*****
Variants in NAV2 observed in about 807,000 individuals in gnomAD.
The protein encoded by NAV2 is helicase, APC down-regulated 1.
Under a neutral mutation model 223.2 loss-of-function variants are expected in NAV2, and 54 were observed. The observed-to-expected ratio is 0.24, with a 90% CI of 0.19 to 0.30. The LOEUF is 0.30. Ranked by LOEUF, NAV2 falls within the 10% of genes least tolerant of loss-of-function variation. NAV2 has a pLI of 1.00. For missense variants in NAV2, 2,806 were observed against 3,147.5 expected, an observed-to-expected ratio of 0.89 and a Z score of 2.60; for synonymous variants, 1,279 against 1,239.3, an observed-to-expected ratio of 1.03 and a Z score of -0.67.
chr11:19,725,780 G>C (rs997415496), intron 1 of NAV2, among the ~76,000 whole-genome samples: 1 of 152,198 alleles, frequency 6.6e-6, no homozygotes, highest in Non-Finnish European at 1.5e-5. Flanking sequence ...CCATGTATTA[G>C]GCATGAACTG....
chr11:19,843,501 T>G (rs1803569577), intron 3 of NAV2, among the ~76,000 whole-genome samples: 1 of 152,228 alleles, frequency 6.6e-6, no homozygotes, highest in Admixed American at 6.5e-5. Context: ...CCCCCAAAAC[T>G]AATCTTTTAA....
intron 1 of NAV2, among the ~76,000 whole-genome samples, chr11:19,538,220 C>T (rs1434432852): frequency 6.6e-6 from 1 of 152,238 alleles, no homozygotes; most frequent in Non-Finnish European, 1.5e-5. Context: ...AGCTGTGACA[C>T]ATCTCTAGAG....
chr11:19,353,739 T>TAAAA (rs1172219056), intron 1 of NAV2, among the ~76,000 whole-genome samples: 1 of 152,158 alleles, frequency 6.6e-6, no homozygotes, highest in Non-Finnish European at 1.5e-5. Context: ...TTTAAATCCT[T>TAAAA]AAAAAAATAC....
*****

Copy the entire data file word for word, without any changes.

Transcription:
Variants in NAV2 observed in about 807,000 individuals in gnomAD.
The protein encoded by NAV2 is helicase, APC down-regulated 1.
Under a neutral mutation model 223.2 loss-of-function variants are expected in NAV2, and 54 were observed. The observed-to-expected ratio is 0.24, with a 90% CI of 0.19 to 0.30. The LOEUF is 0.30. Ranked by LOEUF, NAV2 falls within the 10% of genes least tolerant of loss-of-function variation. NAV2 has a pLI of 1.00. For missense variants in NAV2, 2,806 were observed against 3,147.5 expected, an observed-to-expected ratio of 0.89 and a Z score of 2.60; for synonymous variants, 1,279 against 1,239.3, an observed-to-expected ratio of 1.03 and a Z score of -0.67.
chr11:19,725,780 G>C (rs997415496), intron 1 of NAV2, among the ~76,000 whole-genome samples: 1 of 152,198 alleles, frequency 6.6e-6, no homozygotes, highest in Non-Finnish European at 1.5e-5. Flanking sequence ...CCATGTATTA[G>C]GCATGAACTG....
chr11:19,843,501 T>G (rs1803569577), intron 3 of NAV2, among the ~76,000 whole-genome samples: 1 of 152,228 alleles, frequency 6.6e-6, no homozygotes, highest in Admixed American at 6.5e-5. Context: ...CCCCCAAAAC[T>G]AATCTTTTAA....
intron 1 of NAV2, among the ~76,000 whole-genome samples, chr11:19,538,220 C>T (rs1434432852): frequency 6.6e-6 from 1 of 152,238 alleles, no homozygotes; most frequent in Non-Finnish European, 1.5e-5. Context: ...AGCTGTGACA[C>T]ATCTCTAGAG....
chr11:19,353,739 T>TAAAA (rs1172219056), intron 1 of NAV2, among the ~76,000 whole-genome samples: 1 of 152,158 alleles, frequency 6.6e-6, no homozygotes, highest in Non-Finnish European at 1.5e-5. Context: ...TTTAAATCCT[T>TAAAA]AAAAAAATAC....